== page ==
I will examine how spaces are negotiated using the notions of liminality to convey specific meanings, interpretations and dynamics on two levels: the first involves the geographical references in the poems that function as spaces of comparisons, conflicts and negotiations. The second is the spatial location of the poems; where the narrative of the poem is based on. The negotiations between two spaces, one of the home country and the country of origin, between the East and the West, are always present. These are negotiated through the notions of liminality as poetical strategies in the poems. The notions of space are also addressed in terms of the visual forms of the poems and in terms of the in-betweenness of the geographical and mental spaces of being within the diasporic nuances of Asian American experiences. I argue that these spatial in-betweenness between two geographical references and locations show not only liminal occurrences, but also the heterogeneity of Asian American experiences.
11:00 – 11:30
11:30 – 12:50
(Constructing) Dynamic Space
Chair: Silke Jandl (Graz)
Construction, (Re)Creation and Transformation of Identity through Immigration
The concept of identity and identity transformation is a prominent and highly relevant topic in the context of (im)migration. As a buzzword once before in the 1980s and 1990s emerging with the increasing rise and prominence with American ethnic voices, among other areas of literature, identity can by no means at all be discarded as an old hat in literary and cultural studies in view of the recent political upheavals in the world as well as the current refugee crisis in particular.
The immigration process from Iran to the US from the 1970s onwards has witnessed two waves of “aliens” and “native-aliens” who respectively developed feelings of nostalgia and hope, while both had a constant longing of a one-day return to homeland. The present study contributes to the existing literature review by recognizing a third group—known as the third generation of immigrants: the “borderless immigrants” who may not be necessarily aware of their shaky identity but are bold enough to “shift the dynamics” of diasporic identity by going beyond the geographical borders in search for a sense of belonging.
As a human phenomenon, (im)migration in whichever form will always be shaped by questions of identity not only in the national and binational sense but also, and perhaps more in the current world, towards transnational approaches of identity. The inevitable outcomes of alienation, loss and homesickness may be reduced to a great extent through rethinking and reestablishing the socio-cultural boundaries we have always assumed as parts of our inborn identity.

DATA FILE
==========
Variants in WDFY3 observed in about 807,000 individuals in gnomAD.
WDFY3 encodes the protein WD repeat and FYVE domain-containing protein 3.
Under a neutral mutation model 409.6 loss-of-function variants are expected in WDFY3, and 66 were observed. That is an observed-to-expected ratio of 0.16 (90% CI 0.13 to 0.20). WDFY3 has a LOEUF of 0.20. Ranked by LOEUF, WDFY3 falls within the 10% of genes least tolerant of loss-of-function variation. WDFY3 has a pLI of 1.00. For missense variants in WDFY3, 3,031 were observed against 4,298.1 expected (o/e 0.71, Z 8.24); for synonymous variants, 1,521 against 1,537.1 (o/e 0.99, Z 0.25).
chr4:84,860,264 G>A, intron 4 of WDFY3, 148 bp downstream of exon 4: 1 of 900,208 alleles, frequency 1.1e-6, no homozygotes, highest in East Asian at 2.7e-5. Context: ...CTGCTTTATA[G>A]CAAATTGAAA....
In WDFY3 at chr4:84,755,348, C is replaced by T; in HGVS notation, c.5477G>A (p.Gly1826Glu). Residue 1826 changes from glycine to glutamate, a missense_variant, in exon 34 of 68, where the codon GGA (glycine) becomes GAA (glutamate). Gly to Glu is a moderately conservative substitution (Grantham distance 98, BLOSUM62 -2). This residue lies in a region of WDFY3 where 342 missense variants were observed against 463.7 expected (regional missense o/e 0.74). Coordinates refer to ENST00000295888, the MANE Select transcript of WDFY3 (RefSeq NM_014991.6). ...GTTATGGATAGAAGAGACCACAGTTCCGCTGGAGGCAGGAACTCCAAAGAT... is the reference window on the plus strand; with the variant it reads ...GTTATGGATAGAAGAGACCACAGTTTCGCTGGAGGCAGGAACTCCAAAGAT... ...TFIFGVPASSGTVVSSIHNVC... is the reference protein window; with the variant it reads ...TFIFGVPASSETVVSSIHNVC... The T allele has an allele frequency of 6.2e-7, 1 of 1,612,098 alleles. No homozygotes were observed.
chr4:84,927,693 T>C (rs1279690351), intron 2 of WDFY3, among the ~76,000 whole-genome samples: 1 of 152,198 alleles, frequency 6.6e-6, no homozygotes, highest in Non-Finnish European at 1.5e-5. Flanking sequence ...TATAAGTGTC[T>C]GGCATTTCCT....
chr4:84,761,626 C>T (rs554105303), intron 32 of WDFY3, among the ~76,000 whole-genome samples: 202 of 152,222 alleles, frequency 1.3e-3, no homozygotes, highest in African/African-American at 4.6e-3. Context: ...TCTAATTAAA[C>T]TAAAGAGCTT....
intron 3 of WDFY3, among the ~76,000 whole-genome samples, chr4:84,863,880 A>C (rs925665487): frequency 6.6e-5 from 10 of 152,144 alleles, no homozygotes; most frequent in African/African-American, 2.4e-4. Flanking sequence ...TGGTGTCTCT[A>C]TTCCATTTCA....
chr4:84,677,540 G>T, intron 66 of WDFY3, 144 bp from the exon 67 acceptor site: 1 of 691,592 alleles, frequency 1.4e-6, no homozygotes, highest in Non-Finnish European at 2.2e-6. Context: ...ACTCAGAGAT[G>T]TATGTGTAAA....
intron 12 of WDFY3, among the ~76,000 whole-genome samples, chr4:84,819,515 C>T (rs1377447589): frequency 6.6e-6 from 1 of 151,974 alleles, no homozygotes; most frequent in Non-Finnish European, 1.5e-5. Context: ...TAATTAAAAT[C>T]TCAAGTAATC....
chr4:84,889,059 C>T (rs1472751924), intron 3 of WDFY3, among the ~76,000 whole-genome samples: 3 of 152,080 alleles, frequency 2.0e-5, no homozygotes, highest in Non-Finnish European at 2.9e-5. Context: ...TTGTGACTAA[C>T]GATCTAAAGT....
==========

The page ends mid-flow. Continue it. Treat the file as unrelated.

Recently, Mobilities Studies has gained traction within American Studies, as more scholars look at the ways social, cultural, economic and linguistic mobility intersect, and how these intersecting processes are depicted and mirrored in literature and film. But mobility – a word which is here taken to point to the movements of people through space, the sociopolitical, financial and personal reasons for those movements, and the ways their movement changes their sense of place and sense of self – gestures not just towards large-scale movements (for example a “refugee crisis”) but extends to the small-scale mobility of moving apartments: Even if it’s just from one Brooklyn apartment to another. This kind of mobility has been particularly present in American television (and film) in recent years: While Carrie Bradshaw lived in the same beautiful Upper East Side apartment throughout the run of Sex and the City, the characters in Girls steadily move from one apartment to the next, sometimes to be closer to lovers or friends, but often out of financial necessity; the same is true in films such as Frances Ha. Through looking at the mobility of moving apartments, it becomes possible to engage with the usefulness of Mobility Studies for American Studies while linking the characters’ (in)voluntary movement through space to the highly individual relationships they nonetheless build to their apartments, their “corner of the world” (Bachelard, The Poetics of Space).
13:30 – ~17:00
Optional: Farewell Lunch (tba),
followed by a cultural activity in Salzburg